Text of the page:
Scarefest: The Visitor

“Maybe this just isn’t the right time to bring children into this bad, mixed-up world. Some of them are confused: they think that the forces of evil are stronger than the forces of good.” –Jane Phillips (Shelley Winters), in The Visitor

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This article was written as a contribution to Scarefest, a series of pieces by commenters on film website The Dissolve, organized by commenter Miller. The week before it ran, I alerted Miller that I was changing my Scarefest entry to The Visitor, and another commenter asked, “Are you writing about how scary it is that it’s so bugnuts insane?” I assume he was kidding, but my short answer is yes. Yes, I am.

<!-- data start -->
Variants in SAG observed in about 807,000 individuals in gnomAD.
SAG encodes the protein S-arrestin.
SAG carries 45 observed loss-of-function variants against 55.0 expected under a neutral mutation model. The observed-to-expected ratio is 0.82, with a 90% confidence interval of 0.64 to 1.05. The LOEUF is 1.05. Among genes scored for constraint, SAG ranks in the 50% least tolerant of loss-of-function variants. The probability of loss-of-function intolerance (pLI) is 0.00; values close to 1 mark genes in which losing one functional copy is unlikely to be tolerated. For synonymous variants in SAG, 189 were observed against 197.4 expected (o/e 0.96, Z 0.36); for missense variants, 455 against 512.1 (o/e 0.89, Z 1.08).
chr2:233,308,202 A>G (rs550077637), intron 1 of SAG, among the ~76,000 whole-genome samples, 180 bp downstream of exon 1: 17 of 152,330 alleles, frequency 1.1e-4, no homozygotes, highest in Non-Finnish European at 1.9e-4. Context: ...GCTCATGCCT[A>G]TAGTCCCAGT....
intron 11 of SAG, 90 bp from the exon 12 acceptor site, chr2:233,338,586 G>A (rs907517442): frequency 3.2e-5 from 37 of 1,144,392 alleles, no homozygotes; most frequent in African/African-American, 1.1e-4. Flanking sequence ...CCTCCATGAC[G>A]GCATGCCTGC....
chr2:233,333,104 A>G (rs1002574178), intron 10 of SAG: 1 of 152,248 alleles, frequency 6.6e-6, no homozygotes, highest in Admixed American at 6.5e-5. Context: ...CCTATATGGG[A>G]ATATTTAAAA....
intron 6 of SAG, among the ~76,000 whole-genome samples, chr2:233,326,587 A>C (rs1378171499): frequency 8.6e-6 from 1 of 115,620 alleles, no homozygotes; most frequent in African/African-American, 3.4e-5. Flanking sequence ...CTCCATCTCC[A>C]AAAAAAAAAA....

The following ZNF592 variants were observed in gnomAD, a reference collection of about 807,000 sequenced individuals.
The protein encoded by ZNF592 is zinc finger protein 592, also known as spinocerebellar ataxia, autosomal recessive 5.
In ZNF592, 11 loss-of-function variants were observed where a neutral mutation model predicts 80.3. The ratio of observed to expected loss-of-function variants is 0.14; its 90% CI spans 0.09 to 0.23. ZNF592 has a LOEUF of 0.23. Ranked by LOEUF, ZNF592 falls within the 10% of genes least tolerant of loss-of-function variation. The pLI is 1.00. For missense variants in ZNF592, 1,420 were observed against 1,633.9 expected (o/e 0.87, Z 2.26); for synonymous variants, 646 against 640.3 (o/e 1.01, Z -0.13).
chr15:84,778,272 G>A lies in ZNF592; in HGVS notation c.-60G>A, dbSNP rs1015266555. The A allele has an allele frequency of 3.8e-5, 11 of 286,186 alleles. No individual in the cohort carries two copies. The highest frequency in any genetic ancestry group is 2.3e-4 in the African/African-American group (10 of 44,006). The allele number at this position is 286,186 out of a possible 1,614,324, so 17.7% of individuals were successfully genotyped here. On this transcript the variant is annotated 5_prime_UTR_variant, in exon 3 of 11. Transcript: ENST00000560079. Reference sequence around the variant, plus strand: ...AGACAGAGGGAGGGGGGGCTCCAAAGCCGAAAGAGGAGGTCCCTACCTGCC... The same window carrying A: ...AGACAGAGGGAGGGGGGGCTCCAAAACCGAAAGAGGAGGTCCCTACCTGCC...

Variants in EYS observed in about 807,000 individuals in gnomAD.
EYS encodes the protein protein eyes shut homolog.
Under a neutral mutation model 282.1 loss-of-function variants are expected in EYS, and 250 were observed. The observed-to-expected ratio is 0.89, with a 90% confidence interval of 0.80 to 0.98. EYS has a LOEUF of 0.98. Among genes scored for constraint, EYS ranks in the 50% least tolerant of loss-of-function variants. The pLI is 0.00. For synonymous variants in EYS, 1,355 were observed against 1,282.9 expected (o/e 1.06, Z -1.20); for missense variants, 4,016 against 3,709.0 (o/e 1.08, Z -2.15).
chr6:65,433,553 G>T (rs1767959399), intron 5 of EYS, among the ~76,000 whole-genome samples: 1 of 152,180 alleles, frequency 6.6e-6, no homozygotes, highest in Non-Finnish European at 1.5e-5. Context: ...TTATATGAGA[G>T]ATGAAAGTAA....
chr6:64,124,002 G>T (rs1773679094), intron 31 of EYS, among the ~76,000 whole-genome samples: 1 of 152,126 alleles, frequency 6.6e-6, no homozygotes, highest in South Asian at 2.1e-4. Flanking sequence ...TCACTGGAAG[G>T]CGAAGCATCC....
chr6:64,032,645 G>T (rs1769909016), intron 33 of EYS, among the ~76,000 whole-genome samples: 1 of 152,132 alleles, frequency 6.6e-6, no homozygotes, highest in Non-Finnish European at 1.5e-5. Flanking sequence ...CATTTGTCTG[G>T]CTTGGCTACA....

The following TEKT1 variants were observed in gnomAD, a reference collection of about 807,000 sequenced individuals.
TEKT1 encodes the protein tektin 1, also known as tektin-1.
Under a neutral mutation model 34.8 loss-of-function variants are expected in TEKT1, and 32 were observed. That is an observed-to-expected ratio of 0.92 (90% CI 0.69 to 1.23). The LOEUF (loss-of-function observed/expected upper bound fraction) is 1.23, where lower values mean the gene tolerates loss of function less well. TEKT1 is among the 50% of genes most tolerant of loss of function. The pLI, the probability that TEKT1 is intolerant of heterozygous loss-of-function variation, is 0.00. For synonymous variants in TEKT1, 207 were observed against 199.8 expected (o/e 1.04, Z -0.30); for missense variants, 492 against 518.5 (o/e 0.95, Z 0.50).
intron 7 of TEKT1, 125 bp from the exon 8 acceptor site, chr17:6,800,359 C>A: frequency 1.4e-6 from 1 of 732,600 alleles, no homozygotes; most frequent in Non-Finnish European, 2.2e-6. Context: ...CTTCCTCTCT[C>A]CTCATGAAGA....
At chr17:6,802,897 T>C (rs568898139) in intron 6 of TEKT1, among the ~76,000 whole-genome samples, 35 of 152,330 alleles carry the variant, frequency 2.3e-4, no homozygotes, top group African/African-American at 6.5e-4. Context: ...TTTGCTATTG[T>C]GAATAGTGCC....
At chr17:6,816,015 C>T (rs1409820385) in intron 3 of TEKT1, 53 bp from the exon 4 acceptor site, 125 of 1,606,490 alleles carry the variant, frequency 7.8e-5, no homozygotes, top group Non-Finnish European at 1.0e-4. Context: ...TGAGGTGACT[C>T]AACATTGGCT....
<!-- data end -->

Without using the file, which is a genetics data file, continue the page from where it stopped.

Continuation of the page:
The 1979 film The Visitor, directed by Giulio Paradisi (as “Michael J. Paradise”), has long had a reputation as a hard-to-find cult oddity; after a restoration and rerelease by Drafthouse Films in 2013, it became more widely available on disc and VOD. TCM ran the restored version as part of its “TCM Underground” series last summer, and that’s where I saw it. I didn’t know a lot about it, other than having seen the bizarre trailer Drafthouse put together for it, and knowing that the film was considered extremely weird even among cult horror aficionados. I was prepared to have my mind blown, but I wasn’t prepared for The Visitor to actually be, you know, scary.